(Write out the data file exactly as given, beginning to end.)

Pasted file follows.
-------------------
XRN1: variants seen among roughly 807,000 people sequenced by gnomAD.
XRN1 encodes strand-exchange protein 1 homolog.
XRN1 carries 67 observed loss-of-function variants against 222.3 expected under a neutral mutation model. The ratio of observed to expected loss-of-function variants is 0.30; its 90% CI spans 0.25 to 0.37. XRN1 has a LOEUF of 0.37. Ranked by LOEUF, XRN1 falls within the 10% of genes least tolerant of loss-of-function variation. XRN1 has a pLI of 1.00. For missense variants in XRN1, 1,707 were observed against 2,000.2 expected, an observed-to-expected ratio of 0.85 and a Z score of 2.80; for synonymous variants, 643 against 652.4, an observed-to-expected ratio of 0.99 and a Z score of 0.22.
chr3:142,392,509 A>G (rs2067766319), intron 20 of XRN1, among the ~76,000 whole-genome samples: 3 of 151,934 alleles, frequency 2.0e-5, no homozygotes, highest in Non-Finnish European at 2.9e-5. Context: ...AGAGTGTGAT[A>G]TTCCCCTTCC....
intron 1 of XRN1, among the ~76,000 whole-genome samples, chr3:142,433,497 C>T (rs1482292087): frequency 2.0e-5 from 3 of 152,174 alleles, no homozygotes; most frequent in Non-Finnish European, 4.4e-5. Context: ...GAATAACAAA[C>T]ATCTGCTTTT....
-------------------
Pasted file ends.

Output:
XRN1: variants seen among roughly 807,000 people sequenced by gnomAD.
XRN1 encodes strand-exchange protein 1 homolog.
XRN1 carries 67 observed loss-of-function variants against 222.3 expected under a neutral mutation model. The ratio of observed to expected loss-of-function variants is 0.30; its 90% CI spans 0.25 to 0.37. XRN1 has a LOEUF of 0.37. Ranked by LOEUF, XRN1 falls within the 10% of genes least tolerant of loss-of-function variation. XRN1 has a pLI of 1.00. For missense variants in XRN1, 1,707 were observed against 2,000.2 expected, an observed-to-expected ratio of 0.85 and a Z score of 2.80; for synonymous variants, 643 against 652.4, an observed-to-expected ratio of 0.99 and a Z score of 0.22.
chr3:142,392,509 A>G (rs2067766319), intron 20 of XRN1, among the ~76,000 whole-genome samples: 3 of 151,934 alleles, frequency 2.0e-5, no homozygotes, highest in Non-Finnish European at 2.9e-5. Context: ...AGAGTGTGAT[A>G]TTCCCCTTCC....
intron 1 of XRN1, among the ~76,000 whole-genome samples, chr3:142,433,497 C>T (rs1482292087): frequency 2.0e-5 from 3 of 152,174 alleles, no homozygotes; most frequent in Non-Finnish European, 4.4e-5. Context: ...GAATAACAAA[C>T]ATCTGCTTTT....